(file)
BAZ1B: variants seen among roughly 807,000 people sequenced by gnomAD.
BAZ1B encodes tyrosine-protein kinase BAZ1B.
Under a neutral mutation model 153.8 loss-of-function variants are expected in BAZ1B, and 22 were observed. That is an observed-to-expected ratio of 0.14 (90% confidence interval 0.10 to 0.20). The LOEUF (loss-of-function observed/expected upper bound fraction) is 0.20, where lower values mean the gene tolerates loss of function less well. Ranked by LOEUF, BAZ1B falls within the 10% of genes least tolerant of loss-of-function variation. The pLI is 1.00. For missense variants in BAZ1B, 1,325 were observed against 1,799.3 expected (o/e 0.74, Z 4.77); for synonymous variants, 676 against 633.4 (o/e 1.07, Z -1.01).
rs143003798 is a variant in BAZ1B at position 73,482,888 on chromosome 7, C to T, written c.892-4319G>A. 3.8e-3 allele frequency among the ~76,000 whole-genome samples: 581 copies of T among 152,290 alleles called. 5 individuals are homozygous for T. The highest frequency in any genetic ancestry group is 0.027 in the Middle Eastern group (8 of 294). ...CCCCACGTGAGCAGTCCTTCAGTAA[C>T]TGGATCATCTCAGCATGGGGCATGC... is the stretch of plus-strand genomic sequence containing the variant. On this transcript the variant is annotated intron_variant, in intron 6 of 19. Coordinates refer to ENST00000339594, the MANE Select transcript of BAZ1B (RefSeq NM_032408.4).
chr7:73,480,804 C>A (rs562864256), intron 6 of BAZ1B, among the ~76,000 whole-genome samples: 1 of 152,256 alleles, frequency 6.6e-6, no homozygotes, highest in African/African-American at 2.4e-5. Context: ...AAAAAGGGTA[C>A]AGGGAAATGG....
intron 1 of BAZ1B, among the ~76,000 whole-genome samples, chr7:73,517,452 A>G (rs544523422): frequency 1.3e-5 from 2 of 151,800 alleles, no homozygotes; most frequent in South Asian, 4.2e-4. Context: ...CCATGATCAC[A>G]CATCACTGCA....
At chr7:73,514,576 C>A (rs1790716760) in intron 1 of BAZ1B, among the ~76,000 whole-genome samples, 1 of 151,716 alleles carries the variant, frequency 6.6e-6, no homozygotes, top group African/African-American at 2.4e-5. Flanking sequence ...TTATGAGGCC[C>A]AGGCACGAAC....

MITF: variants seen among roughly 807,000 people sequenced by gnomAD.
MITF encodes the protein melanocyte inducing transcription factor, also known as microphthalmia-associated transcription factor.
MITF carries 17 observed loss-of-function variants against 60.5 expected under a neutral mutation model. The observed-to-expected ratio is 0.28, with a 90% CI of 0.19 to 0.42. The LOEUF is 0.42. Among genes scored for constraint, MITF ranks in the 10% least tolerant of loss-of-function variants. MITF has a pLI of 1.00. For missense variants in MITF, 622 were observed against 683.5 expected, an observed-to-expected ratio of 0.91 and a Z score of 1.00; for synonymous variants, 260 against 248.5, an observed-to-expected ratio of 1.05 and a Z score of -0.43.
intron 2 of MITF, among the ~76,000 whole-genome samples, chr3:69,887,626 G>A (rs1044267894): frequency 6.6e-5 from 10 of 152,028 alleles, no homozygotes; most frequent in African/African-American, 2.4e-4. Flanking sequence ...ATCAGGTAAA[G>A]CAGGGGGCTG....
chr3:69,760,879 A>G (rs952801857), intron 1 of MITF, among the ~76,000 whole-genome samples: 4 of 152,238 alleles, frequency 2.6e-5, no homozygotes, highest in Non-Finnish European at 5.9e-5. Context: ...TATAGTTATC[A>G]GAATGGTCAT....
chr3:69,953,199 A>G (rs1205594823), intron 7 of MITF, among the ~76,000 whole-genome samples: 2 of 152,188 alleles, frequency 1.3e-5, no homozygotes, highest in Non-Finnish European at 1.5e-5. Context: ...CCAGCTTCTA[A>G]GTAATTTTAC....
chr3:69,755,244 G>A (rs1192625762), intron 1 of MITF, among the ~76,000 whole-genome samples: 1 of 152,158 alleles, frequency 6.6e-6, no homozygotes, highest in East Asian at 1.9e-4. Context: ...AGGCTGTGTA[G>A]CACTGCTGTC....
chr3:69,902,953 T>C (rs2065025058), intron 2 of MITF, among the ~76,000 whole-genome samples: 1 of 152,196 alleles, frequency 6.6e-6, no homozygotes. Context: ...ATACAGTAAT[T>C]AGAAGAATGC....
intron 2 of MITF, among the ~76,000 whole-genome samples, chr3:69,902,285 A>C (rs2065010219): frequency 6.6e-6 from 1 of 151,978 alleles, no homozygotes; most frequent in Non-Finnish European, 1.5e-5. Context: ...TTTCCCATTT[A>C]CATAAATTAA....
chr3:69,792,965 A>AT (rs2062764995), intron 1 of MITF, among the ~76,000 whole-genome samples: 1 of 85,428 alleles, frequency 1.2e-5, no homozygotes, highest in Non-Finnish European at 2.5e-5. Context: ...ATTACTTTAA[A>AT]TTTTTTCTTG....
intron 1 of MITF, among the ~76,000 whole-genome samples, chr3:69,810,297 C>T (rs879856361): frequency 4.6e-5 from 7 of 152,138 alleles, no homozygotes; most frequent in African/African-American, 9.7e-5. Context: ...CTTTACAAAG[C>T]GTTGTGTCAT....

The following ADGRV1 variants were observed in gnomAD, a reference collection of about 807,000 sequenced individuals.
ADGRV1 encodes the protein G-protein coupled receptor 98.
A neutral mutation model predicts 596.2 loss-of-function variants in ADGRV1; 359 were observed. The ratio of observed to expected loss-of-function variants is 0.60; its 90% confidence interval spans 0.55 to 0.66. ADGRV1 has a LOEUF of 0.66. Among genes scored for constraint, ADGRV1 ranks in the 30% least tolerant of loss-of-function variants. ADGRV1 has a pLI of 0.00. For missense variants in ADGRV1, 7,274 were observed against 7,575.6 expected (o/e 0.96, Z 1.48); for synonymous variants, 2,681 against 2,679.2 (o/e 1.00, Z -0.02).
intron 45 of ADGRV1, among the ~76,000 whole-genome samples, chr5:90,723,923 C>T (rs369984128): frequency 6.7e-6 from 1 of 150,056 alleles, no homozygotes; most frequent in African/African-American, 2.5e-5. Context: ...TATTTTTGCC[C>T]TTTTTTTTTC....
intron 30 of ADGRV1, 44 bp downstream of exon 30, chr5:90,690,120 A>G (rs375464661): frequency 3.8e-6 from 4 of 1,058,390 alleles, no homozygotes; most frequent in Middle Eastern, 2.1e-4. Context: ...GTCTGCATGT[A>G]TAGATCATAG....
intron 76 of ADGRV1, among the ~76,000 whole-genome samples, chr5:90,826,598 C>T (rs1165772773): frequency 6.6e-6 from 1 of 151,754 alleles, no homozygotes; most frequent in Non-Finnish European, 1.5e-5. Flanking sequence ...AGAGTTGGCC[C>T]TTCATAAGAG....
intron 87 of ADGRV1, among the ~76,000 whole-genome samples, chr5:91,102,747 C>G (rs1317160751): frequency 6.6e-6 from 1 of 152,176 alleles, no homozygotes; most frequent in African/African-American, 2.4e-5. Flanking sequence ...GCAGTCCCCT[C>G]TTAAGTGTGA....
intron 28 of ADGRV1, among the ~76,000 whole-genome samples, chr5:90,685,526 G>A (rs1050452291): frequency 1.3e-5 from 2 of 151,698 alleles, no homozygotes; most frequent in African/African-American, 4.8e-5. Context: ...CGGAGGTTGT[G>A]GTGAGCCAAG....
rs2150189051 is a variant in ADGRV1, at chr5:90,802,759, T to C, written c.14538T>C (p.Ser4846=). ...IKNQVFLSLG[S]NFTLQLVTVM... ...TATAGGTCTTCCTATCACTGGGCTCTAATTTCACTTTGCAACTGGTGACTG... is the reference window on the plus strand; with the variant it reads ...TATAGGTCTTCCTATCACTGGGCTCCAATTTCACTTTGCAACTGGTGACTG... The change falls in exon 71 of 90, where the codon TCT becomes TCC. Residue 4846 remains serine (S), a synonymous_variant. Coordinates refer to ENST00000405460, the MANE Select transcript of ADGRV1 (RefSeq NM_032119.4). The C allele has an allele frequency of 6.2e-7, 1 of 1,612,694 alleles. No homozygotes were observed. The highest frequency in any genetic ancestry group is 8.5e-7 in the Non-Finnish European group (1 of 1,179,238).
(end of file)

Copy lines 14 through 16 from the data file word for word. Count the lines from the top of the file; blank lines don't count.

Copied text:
chr3:69,755,244 G>A (rs1192625762), intron 1 of MITF, among the ~76,000 whole-genome samples: 1 of 152,158 alleles, frequency 6.6e-6, no homozygotes, highest in East Asian at 1.9e-4. Context: ...AGGCTGTGTA[G>A]CACTGCTGTC....
chr3:69,902,953 T>C (rs2065025058), intron 2 of MITF, among the ~76,000 whole-genome samples: 1 of 152,196 alleles, frequency 6.6e-6, no homozygotes. Context: ...ATACAGTAAT[T>C]AGAAGAATGC....
intron 2 of MITF, among the ~76,000 whole-genome samples, chr3:69,902,285 A>C (rs2065010219): frequency 6.6e-6 from 1 of 151,978 alleles, no homozygotes; most frequent in Non-Finnish European, 1.5e-5. Context: ...TTTCCCATTT[A>C]CATAAATTAA....